The next two layers are in the middle, and that means tall grasses and wildflowers, shrubs, and understory trees. We capitalized on the $1-per seedling offerings of our own Missouri Department of Conservation as well as native plant and seed sales, not to mention outright giveaways, sponsored by Wild Ones St. Louis, the Audubon Society, the World Bird Sanctuary, Missouri Botanical Garden, and Forest ReLeaf.

One of my favorites is the nitrogen-fixing shrub Amorpha fruticosa, or false indigo. I learned from a Gateway Greening lecture back in 2018 that if you add these to your orchard, the nitrogen-fixing ability boosts the health of your fruit trees. We have several distributed amongst our pear, apple, and plum trees. They also attract pollinators in droves, and the purple spikes are lovely.

Amorpha fruticosa 2021
Amorpha fruticosa, or false indigo, is a beneficial native plant for the home orchard.
Bee on false indigo
A brown-belted bumblebee on false indigo.

Of course, the wildflowers are everyone's favorite, whether pollinator or person. Our purple coneflowers, yarrow, milkweed, bee balm, evening primrose, and others are as crucial to our conservation garden as they are beautiful. This 'Balvinrose' yarrow was a rescue from a big-box gardening center. I wasn't sure it would make it, but set down in the right place, and it's thriving.

Balvinrose yarrow

Not only does it thrill with its delicate, lacy leaves and eye-popping fuchsia flowers, but the tiny bees like this metallic sweat bee love it for the pollen and nectar.

Small bee on yarrow

The fourth canopy is tall trees. Ours is comprised of a forest grove of sycamore, oak, tulip poplar, black gum, red cedar, and persimmon, which once mature will range in height from 35 to 125 feet. We planted these in our northeast corner, where they won't shade the sun-loving plants but will provide a natural screen from the neighboring apartment building. Lucky for us, that site is entirely free from power lines.

Tulip poplar in tulips
A tulip poplar, springing up amid tulips.

We also received high marks on the next three criteria in the BCH program:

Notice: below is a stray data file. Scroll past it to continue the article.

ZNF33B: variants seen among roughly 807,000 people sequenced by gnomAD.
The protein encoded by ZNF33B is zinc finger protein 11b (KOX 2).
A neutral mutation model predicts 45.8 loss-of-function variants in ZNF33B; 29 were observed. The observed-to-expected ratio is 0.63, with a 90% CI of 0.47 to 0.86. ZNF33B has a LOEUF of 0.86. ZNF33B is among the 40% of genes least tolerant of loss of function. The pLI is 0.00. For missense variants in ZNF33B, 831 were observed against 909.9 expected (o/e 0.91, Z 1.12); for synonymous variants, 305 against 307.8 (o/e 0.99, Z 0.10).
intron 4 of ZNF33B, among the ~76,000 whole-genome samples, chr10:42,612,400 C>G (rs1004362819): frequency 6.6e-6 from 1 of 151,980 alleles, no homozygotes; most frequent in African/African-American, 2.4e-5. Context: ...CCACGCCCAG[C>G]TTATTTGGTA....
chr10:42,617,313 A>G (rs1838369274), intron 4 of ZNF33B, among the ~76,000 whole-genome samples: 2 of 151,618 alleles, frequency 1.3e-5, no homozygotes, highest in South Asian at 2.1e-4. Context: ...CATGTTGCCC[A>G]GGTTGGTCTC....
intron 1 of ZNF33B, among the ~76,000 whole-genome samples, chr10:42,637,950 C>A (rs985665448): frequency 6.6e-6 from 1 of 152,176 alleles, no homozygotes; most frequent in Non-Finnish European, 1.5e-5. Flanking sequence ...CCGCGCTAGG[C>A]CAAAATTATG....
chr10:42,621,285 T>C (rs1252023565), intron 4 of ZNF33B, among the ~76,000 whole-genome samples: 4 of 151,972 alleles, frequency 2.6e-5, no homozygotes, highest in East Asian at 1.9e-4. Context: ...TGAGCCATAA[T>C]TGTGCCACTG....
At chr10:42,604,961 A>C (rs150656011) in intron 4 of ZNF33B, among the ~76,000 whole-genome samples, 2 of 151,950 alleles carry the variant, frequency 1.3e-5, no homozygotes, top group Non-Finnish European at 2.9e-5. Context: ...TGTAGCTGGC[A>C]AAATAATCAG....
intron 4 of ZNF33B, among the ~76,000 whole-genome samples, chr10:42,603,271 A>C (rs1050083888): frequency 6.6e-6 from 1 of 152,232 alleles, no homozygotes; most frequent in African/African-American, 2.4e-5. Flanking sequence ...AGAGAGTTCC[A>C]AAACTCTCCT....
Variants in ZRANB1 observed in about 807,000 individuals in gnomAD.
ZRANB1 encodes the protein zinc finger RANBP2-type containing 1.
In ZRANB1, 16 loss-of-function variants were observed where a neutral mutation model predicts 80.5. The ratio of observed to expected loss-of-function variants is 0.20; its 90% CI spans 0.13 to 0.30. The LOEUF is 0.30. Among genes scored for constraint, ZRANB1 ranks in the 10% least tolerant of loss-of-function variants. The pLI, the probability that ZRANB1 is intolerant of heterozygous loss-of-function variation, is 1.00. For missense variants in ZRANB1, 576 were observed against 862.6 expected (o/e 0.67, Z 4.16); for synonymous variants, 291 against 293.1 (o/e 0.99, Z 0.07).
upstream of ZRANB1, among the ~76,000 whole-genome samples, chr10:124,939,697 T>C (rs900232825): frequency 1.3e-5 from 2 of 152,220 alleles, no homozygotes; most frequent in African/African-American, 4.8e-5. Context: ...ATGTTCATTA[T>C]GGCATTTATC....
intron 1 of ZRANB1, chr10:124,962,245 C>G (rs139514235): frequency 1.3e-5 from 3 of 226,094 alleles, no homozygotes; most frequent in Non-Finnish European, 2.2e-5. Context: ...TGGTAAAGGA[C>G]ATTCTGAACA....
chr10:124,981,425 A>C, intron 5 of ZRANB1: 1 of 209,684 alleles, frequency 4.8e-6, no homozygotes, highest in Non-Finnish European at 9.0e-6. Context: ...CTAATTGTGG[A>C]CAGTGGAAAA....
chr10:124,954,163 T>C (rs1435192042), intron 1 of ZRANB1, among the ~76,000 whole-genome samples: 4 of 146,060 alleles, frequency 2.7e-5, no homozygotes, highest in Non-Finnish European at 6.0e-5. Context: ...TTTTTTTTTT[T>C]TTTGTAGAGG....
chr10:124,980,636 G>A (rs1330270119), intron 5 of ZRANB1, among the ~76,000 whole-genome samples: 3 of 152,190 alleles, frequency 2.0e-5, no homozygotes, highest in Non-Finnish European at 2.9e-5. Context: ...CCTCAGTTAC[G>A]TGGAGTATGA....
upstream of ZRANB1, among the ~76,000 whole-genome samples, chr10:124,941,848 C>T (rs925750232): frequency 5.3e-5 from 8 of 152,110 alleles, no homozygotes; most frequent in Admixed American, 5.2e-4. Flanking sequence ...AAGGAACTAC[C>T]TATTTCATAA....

1. Wildlife stewardship - We offer bird baths and houses, a bat house, a rock snake habitat, and a brush pile that rabbits have made into their warren. We've planted flowers to specifically feed hummingbirds and pollinators, and we provide habitat for songbirds. Chaco, as you know, is indoor-only, and the birds are all the better for it.

  1. Stormwater management - We installed a French drain, double rain barrels, and a rain garden. Our whole enterprise is organic, with no pesticide use (outside of one application in 2018 to kill invasives) and no outside inputs for fertilizer (we use compost).
  2. Education and volunteerism - Besides my volunteer work as a citizen scientist in the Shutterbee program, we also support all of the organizations you see in the sidebar, and we think of all the gabbing we do about our garden on this blog as education, too.
Rain barrels
My brother Chris scored these rain barrels for us when his neighbor moved last spring and didn't want to take them with him.

Here's a 'before' picture out the back stoop in 2017, when we bought the place.

Back stoop 2018
Nothing but lawn... and more lawn... and maybe some ornamentals, planted in big, fat circles.

And here's a recent photo, from July 2021.

Back stoop 2021
Canopy layers, an orchard, an herb mound, and 77 percent of the property is "naturescaped."

We love our garden, which not only provides food for wildlife and pollinators but feeds us, too - both our bellies and our souls.

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'The Most Food for the Time and Space' - Q&A with Living Low in the Lou's Claire Schosser

Claire in Garden 2
Claire Schosser, in her one-acre suburban homestead.